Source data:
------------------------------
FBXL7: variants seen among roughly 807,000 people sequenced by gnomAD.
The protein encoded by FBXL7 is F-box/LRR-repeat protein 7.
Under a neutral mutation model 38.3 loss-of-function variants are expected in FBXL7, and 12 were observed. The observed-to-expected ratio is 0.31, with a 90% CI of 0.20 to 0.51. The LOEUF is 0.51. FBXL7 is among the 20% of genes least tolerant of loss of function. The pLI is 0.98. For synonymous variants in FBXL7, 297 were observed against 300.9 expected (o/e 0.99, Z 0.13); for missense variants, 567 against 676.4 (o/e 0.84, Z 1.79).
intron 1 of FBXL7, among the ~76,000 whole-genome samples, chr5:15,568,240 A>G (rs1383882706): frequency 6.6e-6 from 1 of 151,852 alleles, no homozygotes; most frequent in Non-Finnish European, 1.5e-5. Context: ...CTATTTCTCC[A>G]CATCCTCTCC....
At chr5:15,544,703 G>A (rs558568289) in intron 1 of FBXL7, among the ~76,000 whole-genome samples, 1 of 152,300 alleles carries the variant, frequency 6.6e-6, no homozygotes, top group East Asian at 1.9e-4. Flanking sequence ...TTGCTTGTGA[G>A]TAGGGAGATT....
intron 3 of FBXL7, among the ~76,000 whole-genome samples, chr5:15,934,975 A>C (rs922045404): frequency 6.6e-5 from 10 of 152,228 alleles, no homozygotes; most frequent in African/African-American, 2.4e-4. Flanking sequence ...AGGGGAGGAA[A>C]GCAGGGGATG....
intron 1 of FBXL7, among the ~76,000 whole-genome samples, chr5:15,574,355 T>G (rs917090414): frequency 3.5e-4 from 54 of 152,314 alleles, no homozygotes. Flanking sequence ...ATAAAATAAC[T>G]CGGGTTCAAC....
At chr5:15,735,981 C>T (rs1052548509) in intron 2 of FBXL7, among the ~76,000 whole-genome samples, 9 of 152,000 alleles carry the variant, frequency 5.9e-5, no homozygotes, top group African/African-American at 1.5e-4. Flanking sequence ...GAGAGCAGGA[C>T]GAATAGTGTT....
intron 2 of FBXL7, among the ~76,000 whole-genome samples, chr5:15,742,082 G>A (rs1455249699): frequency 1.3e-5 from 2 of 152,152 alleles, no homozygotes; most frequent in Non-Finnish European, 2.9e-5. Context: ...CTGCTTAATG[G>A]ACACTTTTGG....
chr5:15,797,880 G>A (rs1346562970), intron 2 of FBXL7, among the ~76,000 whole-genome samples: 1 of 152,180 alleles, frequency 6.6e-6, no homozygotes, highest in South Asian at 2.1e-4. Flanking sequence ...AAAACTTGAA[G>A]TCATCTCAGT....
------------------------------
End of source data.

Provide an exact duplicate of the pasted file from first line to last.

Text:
FBXL7: variants seen among roughly 807,000 people sequenced by gnomAD.
The protein encoded by FBXL7 is F-box/LRR-repeat protein 7.
Under a neutral mutation model 38.3 loss-of-function variants are expected in FBXL7, and 12 were observed. The observed-to-expected ratio is 0.31, with a 90% CI of 0.20 to 0.51. The LOEUF is 0.51. FBXL7 is among the 20% of genes least tolerant of loss of function. The pLI is 0.98. For synonymous variants in FBXL7, 297 were observed against 300.9 expected (o/e 0.99, Z 0.13); for missense variants, 567 against 676.4 (o/e 0.84, Z 1.79).
intron 1 of FBXL7, among the ~76,000 whole-genome samples, chr5:15,568,240 A>G (rs1383882706): frequency 6.6e-6 from 1 of 151,852 alleles, no homozygotes; most frequent in Non-Finnish European, 1.5e-5. Context: ...CTATTTCTCC[A>G]CATCCTCTCC....
At chr5:15,544,703 G>A (rs558568289) in intron 1 of FBXL7, among the ~76,000 whole-genome samples, 1 of 152,300 alleles carries the variant, frequency 6.6e-6, no homozygotes, top group East Asian at 1.9e-4. Flanking sequence ...TTGCTTGTGA[G>A]TAGGGAGATT....
intron 3 of FBXL7, among the ~76,000 whole-genome samples, chr5:15,934,975 A>C (rs922045404): frequency 6.6e-5 from 10 of 152,228 alleles, no homozygotes; most frequent in African/African-American, 2.4e-4. Flanking sequence ...AGGGGAGGAA[A>C]GCAGGGGATG....
intron 1 of FBXL7, among the ~76,000 whole-genome samples, chr5:15,574,355 T>G (rs917090414): frequency 3.5e-4 from 54 of 152,314 alleles, no homozygotes. Flanking sequence ...ATAAAATAAC[T>G]CGGGTTCAAC....
At chr5:15,735,981 C>T (rs1052548509) in intron 2 of FBXL7, among the ~76,000 whole-genome samples, 9 of 152,000 alleles carry the variant, frequency 5.9e-5, no homozygotes, top group African/African-American at 1.5e-4. Flanking sequence ...GAGAGCAGGA[C>T]GAATAGTGTT....
intron 2 of FBXL7, among the ~76,000 whole-genome samples, chr5:15,742,082 G>A (rs1455249699): frequency 1.3e-5 from 2 of 152,152 alleles, no homozygotes; most frequent in Non-Finnish European, 2.9e-5. Context: ...CTGCTTAATG[G>A]ACACTTTTGG....
chr5:15,797,880 G>A (rs1346562970), intron 2 of FBXL7, among the ~76,000 whole-genome samples: 1 of 152,180 alleles, frequency 6.6e-6, no homozygotes, highest in South Asian at 2.1e-4. Flanking sequence ...AAAACTTGAA[G>A]TCATCTCAGT....